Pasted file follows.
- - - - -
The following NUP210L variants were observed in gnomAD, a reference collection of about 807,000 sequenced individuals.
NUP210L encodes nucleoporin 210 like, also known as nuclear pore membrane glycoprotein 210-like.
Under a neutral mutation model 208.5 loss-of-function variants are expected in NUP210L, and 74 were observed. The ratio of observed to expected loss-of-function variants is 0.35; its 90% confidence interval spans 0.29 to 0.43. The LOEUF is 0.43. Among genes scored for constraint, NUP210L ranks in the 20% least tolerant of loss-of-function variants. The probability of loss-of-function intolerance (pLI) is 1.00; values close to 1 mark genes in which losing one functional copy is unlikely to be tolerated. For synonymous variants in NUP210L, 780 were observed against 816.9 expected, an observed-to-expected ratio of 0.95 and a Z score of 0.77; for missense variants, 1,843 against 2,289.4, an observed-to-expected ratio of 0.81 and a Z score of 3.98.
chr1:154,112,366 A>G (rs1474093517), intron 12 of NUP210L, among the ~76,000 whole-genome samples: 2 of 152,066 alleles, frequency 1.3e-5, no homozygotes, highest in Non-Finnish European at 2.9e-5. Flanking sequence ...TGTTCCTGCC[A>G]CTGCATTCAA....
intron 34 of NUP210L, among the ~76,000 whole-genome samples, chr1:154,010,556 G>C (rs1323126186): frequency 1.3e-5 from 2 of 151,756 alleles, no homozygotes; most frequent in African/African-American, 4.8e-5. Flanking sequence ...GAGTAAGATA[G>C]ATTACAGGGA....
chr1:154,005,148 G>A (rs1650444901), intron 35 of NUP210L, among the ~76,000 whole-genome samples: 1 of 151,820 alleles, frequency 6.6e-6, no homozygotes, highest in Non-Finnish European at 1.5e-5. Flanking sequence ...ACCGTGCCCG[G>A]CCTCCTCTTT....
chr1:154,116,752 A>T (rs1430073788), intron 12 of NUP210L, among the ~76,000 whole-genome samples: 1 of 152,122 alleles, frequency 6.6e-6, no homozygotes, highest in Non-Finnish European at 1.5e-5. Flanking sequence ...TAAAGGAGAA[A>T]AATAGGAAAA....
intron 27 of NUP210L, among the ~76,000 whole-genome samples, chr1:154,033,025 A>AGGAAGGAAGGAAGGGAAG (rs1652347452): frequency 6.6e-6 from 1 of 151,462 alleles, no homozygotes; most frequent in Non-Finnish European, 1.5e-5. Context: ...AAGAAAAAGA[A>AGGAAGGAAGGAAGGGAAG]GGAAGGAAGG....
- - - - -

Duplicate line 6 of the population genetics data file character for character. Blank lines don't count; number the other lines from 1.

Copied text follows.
chr1:154,005,148 G>A (rs1650444901), intron 35 of NUP210L, among the ~76,000 whole-genome samples: 1 of 151,820 alleles, frequency 6.6e-6, no homozygotes, highest in Non-Finnish European at 1.5e-5. Flanking sequence ...ACCGTGCCCG[G>A]CCTCCTCTTT....